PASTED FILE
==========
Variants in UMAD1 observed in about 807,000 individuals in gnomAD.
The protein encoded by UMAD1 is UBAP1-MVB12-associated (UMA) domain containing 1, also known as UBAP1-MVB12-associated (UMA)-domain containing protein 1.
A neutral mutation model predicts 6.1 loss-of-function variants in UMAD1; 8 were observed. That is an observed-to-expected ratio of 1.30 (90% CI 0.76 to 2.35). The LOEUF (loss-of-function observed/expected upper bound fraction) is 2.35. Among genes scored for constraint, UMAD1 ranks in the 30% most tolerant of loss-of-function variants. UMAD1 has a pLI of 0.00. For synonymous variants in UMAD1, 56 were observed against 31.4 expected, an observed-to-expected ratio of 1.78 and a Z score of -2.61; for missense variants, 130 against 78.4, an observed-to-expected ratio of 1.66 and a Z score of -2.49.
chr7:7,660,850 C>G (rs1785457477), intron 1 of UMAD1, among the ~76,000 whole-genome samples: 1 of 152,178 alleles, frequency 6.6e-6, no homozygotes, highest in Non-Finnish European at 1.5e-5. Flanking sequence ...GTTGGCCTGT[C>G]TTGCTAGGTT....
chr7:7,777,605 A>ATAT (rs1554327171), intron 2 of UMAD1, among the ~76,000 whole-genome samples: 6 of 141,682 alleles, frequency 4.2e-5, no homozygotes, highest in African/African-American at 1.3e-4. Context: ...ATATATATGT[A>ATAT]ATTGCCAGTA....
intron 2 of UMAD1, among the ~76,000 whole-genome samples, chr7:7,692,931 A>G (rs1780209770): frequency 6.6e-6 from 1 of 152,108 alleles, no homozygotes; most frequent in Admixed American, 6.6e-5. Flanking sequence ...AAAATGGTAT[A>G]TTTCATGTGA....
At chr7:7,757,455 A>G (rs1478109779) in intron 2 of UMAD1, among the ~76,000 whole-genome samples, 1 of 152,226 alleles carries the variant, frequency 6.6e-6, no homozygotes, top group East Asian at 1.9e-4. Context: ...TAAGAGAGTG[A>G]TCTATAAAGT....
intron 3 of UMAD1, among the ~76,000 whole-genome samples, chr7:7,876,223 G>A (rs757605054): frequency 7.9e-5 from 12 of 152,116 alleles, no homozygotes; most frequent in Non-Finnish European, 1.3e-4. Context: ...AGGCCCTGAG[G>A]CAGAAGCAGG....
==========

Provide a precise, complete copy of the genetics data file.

Variants in UMAD1 observed in about 807,000 individuals in gnomAD.
The protein encoded by UMAD1 is UBAP1-MVB12-associated (UMA) domain containing 1, also known as UBAP1-MVB12-associated (UMA)-domain containing protein 1.
A neutral mutation model predicts 6.1 loss-of-function variants in UMAD1; 8 were observed. That is an observed-to-expected ratio of 1.30 (90% CI 0.76 to 2.35). The LOEUF (loss-of-function observed/expected upper bound fraction) is 2.35. Among genes scored for constraint, UMAD1 ranks in the 30% most tolerant of loss-of-function variants. UMAD1 has a pLI of 0.00. For synonymous variants in UMAD1, 56 were observed against 31.4 expected, an observed-to-expected ratio of 1.78 and a Z score of -2.61; for missense variants, 130 against 78.4, an observed-to-expected ratio of 1.66 and a Z score of -2.49.
chr7:7,660,850 C>G (rs1785457477), intron 1 of UMAD1, among the ~76,000 whole-genome samples: 1 of 152,178 alleles, frequency 6.6e-6, no homozygotes, highest in Non-Finnish European at 1.5e-5. Flanking sequence ...GTTGGCCTGT[C>G]TTGCTAGGTT....
chr7:7,777,605 A>ATAT (rs1554327171), intron 2 of UMAD1, among the ~76,000 whole-genome samples: 6 of 141,682 alleles, frequency 4.2e-5, no homozygotes, highest in African/African-American at 1.3e-4. Context: ...ATATATATGT[A>ATAT]ATTGCCAGTA....
intron 2 of UMAD1, among the ~76,000 whole-genome samples, chr7:7,692,931 A>G (rs1780209770): frequency 6.6e-6 from 1 of 152,108 alleles, no homozygotes; most frequent in Admixed American, 6.6e-5. Flanking sequence ...AAAATGGTAT[A>G]TTTCATGTGA....
At chr7:7,757,455 A>G (rs1478109779) in intron 2 of UMAD1, among the ~76,000 whole-genome samples, 1 of 152,226 alleles carries the variant, frequency 6.6e-6, no homozygotes, top group East Asian at 1.9e-4. Context: ...TAAGAGAGTG[A>G]TCTATAAAGT....
intron 3 of UMAD1, among the ~76,000 whole-genome samples, chr7:7,876,223 G>A (rs757605054): frequency 7.9e-5 from 12 of 152,116 alleles, no homozygotes; most frequent in Non-Finnish European, 1.3e-4. Context: ...AGGCCCTGAG[G>A]CAGAAGCAGG....